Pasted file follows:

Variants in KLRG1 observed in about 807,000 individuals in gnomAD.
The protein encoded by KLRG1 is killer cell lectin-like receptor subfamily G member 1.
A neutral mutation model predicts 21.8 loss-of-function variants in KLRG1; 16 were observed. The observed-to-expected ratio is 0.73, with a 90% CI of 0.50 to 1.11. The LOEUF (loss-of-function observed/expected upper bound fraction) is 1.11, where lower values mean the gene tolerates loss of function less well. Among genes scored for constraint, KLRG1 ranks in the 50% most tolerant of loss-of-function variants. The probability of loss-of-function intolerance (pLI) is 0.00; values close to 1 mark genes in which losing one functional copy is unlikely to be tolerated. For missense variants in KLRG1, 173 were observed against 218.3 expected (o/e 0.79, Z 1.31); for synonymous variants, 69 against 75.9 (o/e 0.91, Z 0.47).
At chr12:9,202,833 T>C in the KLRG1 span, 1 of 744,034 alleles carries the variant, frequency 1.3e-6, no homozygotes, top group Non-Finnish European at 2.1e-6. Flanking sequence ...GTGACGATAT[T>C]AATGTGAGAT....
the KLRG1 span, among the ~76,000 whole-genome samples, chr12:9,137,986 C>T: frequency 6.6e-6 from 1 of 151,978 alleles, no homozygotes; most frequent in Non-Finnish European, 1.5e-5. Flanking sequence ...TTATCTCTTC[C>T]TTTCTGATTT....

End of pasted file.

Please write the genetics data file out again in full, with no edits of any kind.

Variants in KLRG1 observed in about 807,000 individuals in gnomAD.
The protein encoded by KLRG1 is killer cell lectin-like receptor subfamily G member 1.
A neutral mutation model predicts 21.8 loss-of-function variants in KLRG1; 16 were observed. The observed-to-expected ratio is 0.73, with a 90% CI of 0.50 to 1.11. The LOEUF (loss-of-function observed/expected upper bound fraction) is 1.11, where lower values mean the gene tolerates loss of function less well. Among genes scored for constraint, KLRG1 ranks in the 50% most tolerant of loss-of-function variants. The probability of loss-of-function intolerance (pLI) is 0.00; values close to 1 mark genes in which losing one functional copy is unlikely to be tolerated. For missense variants in KLRG1, 173 were observed against 218.3 expected (o/e 0.79, Z 1.31); for synonymous variants, 69 against 75.9 (o/e 0.91, Z 0.47).
At chr12:9,202,833 T>C in the KLRG1 span, 1 of 744,034 alleles carries the variant, frequency 1.3e-6, no homozygotes, top group Non-Finnish European at 2.1e-6. Flanking sequence ...GTGACGATAT[T>C]AATGTGAGAT....
the KLRG1 span, among the ~76,000 whole-genome samples, chr12:9,137,986 C>T: frequency 6.6e-6 from 1 of 151,978 alleles, no homozygotes; most frequent in Non-Finnish European, 1.5e-5. Flanking sequence ...TTATCTCTTC[C>T]TTTCTGATTT....